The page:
Genetic Research

What was considered ‘junk
DNA’ turns out to be huge genetic
control panel

An international team of researchers has recently revealed that much of what has been called ‘junk DNA’ in the human genome is actually a massive control panel with millions of switches regulating the activity of our genes. Without these switches, genes would not work – and mutations in these regions might lead to human disease. Discovered by hundreds of scientists working on the ENCODE Project, the new information is so comprehensive and complex that it has given rise to a new publishing model in which electronic documents and datasets are interconnected.

Just as the Human Genome Project revolutionised biomedical research, ENCODE will drive new understanding and open new avenues for biomedical science. Led by the National Genome Research Institute (NHGRI) in the US and the EMBL-European Bioinformatics Institute (EMBL-EBI) in the UK, ENCODE now presents a detailed map of genome function that identifies 4 million gene ‘switches’. This essential reference will help researchers pinpoint very specific areas of research for human disease. The findings are published in 30 connected, open-access papers appearing in three science journals: Nature, Genome Biology and Genome Research.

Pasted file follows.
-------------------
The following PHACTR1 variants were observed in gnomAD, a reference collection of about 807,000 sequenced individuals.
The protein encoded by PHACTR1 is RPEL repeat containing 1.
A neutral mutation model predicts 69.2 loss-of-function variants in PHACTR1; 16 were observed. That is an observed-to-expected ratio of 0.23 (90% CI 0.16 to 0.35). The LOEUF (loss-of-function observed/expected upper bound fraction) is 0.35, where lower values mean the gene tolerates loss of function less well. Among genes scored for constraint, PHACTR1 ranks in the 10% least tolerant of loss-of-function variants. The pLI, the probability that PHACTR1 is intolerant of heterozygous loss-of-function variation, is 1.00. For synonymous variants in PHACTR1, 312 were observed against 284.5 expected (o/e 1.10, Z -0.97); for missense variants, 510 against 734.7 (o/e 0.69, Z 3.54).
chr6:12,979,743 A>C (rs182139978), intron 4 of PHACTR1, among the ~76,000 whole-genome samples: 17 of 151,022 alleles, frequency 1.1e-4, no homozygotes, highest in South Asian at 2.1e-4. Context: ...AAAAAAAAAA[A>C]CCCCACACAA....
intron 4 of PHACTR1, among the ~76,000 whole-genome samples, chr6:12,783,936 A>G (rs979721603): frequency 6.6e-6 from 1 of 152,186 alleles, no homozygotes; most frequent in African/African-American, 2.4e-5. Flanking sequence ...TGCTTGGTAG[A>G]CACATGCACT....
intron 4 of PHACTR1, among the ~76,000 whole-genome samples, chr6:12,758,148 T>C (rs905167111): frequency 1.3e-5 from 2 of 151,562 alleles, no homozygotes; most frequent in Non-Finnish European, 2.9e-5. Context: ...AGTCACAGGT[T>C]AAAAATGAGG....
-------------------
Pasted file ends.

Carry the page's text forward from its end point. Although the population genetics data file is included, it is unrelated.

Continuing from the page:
“Our genome is simply alive with switches: millions of places that determine whether a gene is switched on or off,” says Ewan Birney of EMBL-EBI, lead analysis coordinator for ENCODE. “The Human Genome Project showed that only 2% of the genome contains genes, the instructions to make proteins. With ENCODE, we can see that around 80% of the genome is actively doing something. We found that a much bigger part of the genome – a surprising amount, in fact – is involved in controlling when and where proteins are produced, than in simply manufacturing the building blocks.”